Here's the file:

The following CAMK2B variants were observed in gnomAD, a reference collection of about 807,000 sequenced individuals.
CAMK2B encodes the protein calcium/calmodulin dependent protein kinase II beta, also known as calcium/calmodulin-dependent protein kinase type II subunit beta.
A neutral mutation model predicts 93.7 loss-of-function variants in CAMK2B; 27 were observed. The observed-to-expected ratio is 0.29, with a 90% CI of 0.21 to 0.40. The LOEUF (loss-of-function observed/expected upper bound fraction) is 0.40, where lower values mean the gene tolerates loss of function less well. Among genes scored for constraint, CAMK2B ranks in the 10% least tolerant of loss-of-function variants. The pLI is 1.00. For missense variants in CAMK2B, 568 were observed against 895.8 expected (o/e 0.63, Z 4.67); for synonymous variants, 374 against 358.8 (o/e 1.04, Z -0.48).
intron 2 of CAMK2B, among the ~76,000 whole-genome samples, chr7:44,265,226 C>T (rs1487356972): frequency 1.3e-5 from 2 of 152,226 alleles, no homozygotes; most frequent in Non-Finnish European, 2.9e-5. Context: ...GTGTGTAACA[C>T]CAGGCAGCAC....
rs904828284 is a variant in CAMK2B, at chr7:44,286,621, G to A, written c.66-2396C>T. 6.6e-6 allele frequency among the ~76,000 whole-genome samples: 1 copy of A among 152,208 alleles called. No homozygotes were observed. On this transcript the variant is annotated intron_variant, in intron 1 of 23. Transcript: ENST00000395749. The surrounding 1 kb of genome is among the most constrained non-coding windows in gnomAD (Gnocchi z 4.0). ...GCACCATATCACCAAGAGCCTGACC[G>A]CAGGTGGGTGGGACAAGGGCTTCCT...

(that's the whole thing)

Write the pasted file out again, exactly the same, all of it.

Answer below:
The following CAMK2B variants were observed in gnomAD, a reference collection of about 807,000 sequenced individuals.
CAMK2B encodes the protein calcium/calmodulin dependent protein kinase II beta, also known as calcium/calmodulin-dependent protein kinase type II subunit beta.
A neutral mutation model predicts 93.7 loss-of-function variants in CAMK2B; 27 were observed. The observed-to-expected ratio is 0.29, with a 90% CI of 0.21 to 0.40. The LOEUF (loss-of-function observed/expected upper bound fraction) is 0.40, where lower values mean the gene tolerates loss of function less well. Among genes scored for constraint, CAMK2B ranks in the 10% least tolerant of loss-of-function variants. The pLI is 1.00. For missense variants in CAMK2B, 568 were observed against 895.8 expected (o/e 0.63, Z 4.67); for synonymous variants, 374 against 358.8 (o/e 1.04, Z -0.48).
intron 2 of CAMK2B, among the ~76,000 whole-genome samples, chr7:44,265,226 C>T (rs1487356972): frequency 1.3e-5 from 2 of 152,226 alleles, no homozygotes; most frequent in Non-Finnish European, 2.9e-5. Context: ...GTGTGTAACA[C>T]CAGGCAGCAC....
rs904828284 is a variant in CAMK2B, at chr7:44,286,621, G to A, written c.66-2396C>T. 6.6e-6 allele frequency among the ~76,000 whole-genome samples: 1 copy of A among 152,208 alleles called. No homozygotes were observed. On this transcript the variant is annotated intron_variant, in intron 1 of 23. Transcript: ENST00000395749. The surrounding 1 kb of genome is among the most constrained non-coding windows in gnomAD (Gnocchi z 4.0). ...GCACCATATCACCAAGAGCCTGACC[G>A]CAGGTGGGTGGGACAAGGGCTTCCT...